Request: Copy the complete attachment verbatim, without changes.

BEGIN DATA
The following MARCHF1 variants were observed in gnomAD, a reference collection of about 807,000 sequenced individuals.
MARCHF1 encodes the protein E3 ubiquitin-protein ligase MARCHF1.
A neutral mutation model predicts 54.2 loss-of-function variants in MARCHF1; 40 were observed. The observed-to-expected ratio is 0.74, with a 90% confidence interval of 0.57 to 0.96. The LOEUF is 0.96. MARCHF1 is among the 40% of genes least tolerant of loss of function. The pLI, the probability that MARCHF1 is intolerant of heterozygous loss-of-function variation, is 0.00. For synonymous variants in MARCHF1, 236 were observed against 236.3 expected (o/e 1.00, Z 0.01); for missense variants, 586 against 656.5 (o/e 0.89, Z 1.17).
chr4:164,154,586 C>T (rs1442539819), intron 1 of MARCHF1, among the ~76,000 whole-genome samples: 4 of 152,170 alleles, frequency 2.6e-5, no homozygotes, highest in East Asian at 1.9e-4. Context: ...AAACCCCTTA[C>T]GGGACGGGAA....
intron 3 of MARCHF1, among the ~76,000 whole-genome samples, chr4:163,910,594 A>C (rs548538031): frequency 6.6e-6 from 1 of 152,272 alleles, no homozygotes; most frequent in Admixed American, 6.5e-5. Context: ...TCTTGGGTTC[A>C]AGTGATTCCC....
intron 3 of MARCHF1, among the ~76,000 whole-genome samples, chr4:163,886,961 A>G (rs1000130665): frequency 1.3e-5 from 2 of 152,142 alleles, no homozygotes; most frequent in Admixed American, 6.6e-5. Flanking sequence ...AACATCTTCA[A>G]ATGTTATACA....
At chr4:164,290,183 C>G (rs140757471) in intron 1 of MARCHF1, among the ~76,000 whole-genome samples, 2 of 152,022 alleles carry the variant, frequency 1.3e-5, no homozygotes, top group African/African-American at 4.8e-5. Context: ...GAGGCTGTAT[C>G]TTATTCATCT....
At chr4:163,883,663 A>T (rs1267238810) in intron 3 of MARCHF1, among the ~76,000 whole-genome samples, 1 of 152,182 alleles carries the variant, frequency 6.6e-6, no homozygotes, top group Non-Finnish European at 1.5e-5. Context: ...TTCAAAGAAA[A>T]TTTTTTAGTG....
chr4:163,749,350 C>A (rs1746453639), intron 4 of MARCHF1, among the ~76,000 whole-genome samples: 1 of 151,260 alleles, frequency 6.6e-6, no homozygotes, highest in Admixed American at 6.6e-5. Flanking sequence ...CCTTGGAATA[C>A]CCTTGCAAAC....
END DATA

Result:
The following MARCHF1 variants were observed in gnomAD, a reference collection of about 807,000 sequenced individuals.
MARCHF1 encodes the protein E3 ubiquitin-protein ligase MARCHF1.
A neutral mutation model predicts 54.2 loss-of-function variants in MARCHF1; 40 were observed. The observed-to-expected ratio is 0.74, with a 90% confidence interval of 0.57 to 0.96. The LOEUF is 0.96. MARCHF1 is among the 40% of genes least tolerant of loss of function. The pLI, the probability that MARCHF1 is intolerant of heterozygous loss-of-function variation, is 0.00. For synonymous variants in MARCHF1, 236 were observed against 236.3 expected (o/e 1.00, Z 0.01); for missense variants, 586 against 656.5 (o/e 0.89, Z 1.17).
chr4:164,154,586 C>T (rs1442539819), intron 1 of MARCHF1, among the ~76,000 whole-genome samples: 4 of 152,170 alleles, frequency 2.6e-5, no homozygotes, highest in East Asian at 1.9e-4. Context: ...AAACCCCTTA[C>T]GGGACGGGAA....
intron 3 of MARCHF1, among the ~76,000 whole-genome samples, chr4:163,910,594 A>C (rs548538031): frequency 6.6e-6 from 1 of 152,272 alleles, no homozygotes; most frequent in Admixed American, 6.5e-5. Context: ...TCTTGGGTTC[A>C]AGTGATTCCC....
intron 3 of MARCHF1, among the ~76,000 whole-genome samples, chr4:163,886,961 A>G (rs1000130665): frequency 1.3e-5 from 2 of 152,142 alleles, no homozygotes; most frequent in Admixed American, 6.6e-5. Flanking sequence ...AACATCTTCA[A>G]ATGTTATACA....
At chr4:164,290,183 C>G (rs140757471) in intron 1 of MARCHF1, among the ~76,000 whole-genome samples, 2 of 152,022 alleles carry the variant, frequency 1.3e-5, no homozygotes, top group African/African-American at 4.8e-5. Context: ...GAGGCTGTAT[C>G]TTATTCATCT....
At chr4:163,883,663 A>T (rs1267238810) in intron 3 of MARCHF1, among the ~76,000 whole-genome samples, 1 of 152,182 alleles carries the variant, frequency 6.6e-6, no homozygotes, top group Non-Finnish European at 1.5e-5. Context: ...TTCAAAGAAA[A>T]TTTTTTAGTG....
chr4:163,749,350 C>A (rs1746453639), intron 4 of MARCHF1, among the ~76,000 whole-genome samples: 1 of 151,260 alleles, frequency 6.6e-6, no homozygotes, highest in Admixed American at 6.6e-5. Flanking sequence ...CCTTGGAATA[C>A]CCTTGCAAAC....